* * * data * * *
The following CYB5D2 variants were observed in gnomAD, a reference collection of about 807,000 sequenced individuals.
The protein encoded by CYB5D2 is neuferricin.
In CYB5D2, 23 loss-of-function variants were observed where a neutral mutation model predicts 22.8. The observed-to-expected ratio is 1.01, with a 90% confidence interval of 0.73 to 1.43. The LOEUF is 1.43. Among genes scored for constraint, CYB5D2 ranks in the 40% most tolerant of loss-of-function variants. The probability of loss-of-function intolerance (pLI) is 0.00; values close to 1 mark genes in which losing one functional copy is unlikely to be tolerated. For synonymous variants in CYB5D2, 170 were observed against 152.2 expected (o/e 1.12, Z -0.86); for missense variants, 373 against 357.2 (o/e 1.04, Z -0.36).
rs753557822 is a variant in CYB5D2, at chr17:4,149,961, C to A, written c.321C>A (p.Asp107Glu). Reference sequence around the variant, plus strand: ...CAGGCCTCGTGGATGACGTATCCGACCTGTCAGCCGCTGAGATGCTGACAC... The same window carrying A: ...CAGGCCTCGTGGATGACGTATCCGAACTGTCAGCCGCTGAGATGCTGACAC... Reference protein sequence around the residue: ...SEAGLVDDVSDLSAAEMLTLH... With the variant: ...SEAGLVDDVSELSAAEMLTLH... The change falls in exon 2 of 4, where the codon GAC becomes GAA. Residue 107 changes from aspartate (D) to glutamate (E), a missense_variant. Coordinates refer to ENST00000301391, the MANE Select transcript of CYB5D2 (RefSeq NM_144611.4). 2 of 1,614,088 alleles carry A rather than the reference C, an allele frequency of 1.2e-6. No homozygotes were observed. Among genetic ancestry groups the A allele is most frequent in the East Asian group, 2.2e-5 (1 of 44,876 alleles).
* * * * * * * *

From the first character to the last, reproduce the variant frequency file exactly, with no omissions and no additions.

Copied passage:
The following CYB5D2 variants were observed in gnomAD, a reference collection of about 807,000 sequenced individuals.
The protein encoded by CYB5D2 is neuferricin.
In CYB5D2, 23 loss-of-function variants were observed where a neutral mutation model predicts 22.8. The observed-to-expected ratio is 1.01, with a 90% confidence interval of 0.73 to 1.43. The LOEUF is 1.43. Among genes scored for constraint, CYB5D2 ranks in the 40% most tolerant of loss-of-function variants. The probability of loss-of-function intolerance (pLI) is 0.00; values close to 1 mark genes in which losing one functional copy is unlikely to be tolerated. For synonymous variants in CYB5D2, 170 were observed against 152.2 expected (o/e 1.12, Z -0.86); for missense variants, 373 against 357.2 (o/e 1.04, Z -0.36).
rs753557822 is a variant in CYB5D2, at chr17:4,149,961, C to A, written c.321C>A (p.Asp107Glu). Reference sequence around the variant, plus strand: ...CAGGCCTCGTGGATGACGTATCCGACCTGTCAGCCGCTGAGATGCTGACAC... The same window carrying A: ...CAGGCCTCGTGGATGACGTATCCGAACTGTCAGCCGCTGAGATGCTGACAC... Reference protein sequence around the residue: ...SEAGLVDDVSDLSAAEMLTLH... With the variant: ...SEAGLVDDVSELSAAEMLTLH... The change falls in exon 2 of 4, where the codon GAC becomes GAA. Residue 107 changes from aspartate (D) to glutamate (E), a missense_variant. Coordinates refer to ENST00000301391, the MANE Select transcript of CYB5D2 (RefSeq NM_144611.4). 2 of 1,614,088 alleles carry A rather than the reference C, an allele frequency of 1.2e-6. No homozygotes were observed. Among genetic ancestry groups the A allele is most frequent in the East Asian group, 2.2e-5 (1 of 44,876 alleles).